We the Teachers

Saturday Webinars: Martin Luther King, jr. vs. Malcolm X

 

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Drs. Chris Burkett, Peter Myers, and Lucas Morel discussed the different views and goals of Martin Luther King, jr. and Malcolm X in our latest Great American Debates series of Saturday Webinars.

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Documents in Detail: Wilson’s Fourteen Points

 

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Woodrow Wilson’s Fourteen Points laid out Wilson’s plan for not only a post-war world, but in many ways a new world order, in response to the destruction of World War 1. TAH scholars discuss the meaning of, context around, and impact of Wilson’s ideas in this one-hour webinar.

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Saturday Webinar: FDR vs. Hoover

 

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TAH’S Saturday Webinar on March 3rd, 2019, focused on the ideological, practical, and political debates between Franklin Roosevelt and Herbert Hoover, primarily during the election campaign of 1932, but reaching deeper into American traditions of limited government and the role of the federal government in the life of the individual.

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Documents in Detail: Roosevelt’s Corollary to the Monroe Doctrine

 

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An essential statement of America’s changing role in the world at the time, both aimed toward the future and rooted in the past, Theodore Roosevelt’s expansion of the Monroe Doctrine helped to define American international status and power.

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Saturday Webinar: Imperialists vs. Non-Interventionists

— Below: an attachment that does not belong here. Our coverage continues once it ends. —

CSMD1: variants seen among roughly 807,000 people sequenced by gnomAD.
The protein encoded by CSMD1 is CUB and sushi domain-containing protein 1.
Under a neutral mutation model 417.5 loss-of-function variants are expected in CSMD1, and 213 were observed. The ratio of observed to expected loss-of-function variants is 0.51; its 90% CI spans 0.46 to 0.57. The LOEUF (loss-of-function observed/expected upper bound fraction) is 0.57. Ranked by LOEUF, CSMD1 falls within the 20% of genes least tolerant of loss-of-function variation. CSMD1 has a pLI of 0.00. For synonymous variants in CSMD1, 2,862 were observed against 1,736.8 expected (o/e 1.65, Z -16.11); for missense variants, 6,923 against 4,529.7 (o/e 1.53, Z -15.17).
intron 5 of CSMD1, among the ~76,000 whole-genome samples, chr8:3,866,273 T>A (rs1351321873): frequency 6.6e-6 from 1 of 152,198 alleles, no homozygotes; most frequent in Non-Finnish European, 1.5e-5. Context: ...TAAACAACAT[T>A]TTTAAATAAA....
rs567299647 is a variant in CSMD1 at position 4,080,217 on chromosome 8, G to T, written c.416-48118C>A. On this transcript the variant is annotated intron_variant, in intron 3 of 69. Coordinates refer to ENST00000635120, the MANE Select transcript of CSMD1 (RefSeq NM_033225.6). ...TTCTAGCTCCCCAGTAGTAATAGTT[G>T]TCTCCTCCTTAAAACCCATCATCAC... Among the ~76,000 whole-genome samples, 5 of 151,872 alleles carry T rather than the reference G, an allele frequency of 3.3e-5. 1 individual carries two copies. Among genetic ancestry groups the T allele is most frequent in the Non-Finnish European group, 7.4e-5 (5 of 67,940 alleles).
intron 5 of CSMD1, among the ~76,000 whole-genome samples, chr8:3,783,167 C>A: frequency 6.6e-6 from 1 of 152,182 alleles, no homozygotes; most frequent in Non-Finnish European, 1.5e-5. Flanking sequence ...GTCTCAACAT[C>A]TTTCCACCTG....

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TAH.org’s Great American Debates Saturday Webinar for 2 February 2019 focused on the heated years of debate during the late 19th and early 20th centuries over America’s role in the world, and whether or not she should seek to create an empire along the lines of what was common for European states at the time.

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Documents in Detail: Lincoln’s Speech on the Repeal of the Missouri Compromise

 

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Abraham Lincoln’s 1865 speech on the repeal of the Missouri Compromise signaled his return to public life and politics, after a few years of private law practice. In the speech he outlined not only his views on Congress’ action, but also the growing sectional divide, slavery, and the future of America.

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Saturday Webinar: Secessionists vs. Unionists

 

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The first Great American Debates webinar of 2019 took place on Saturday, 12 January, with a deep dive into the causes and ideas behind the opposing – and both diverse and complex in and of themselves – sides in the debate over states’ right, supposedly, to secede. Drs. Scott Yenor, Jonathan White, and Chris Burkett discussed the constitutional, legal, and political dimensions of an issue that had roots far earlier than the flare-up in late 1860.

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Documents in Detail: Thomas Jefferson’s Letter to Roger Weightman

 

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Thomas Jefferson wrote this letter only weeks before his death in 1826, and in it seeks to explain, in effect, what he meant by some of the key ideas expressed in the Declaration of Independence. Coupled with his 1825 letter to Henry Lee, this piece provides an interesting perspective on those ideas, from their key author. Jefferson not only reflects on American independence, but looks far into the future, when “all,” he believed, would seek political liberty, perhaps even in the American tradition.

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Great American Debates: Lincoln vs. Douglas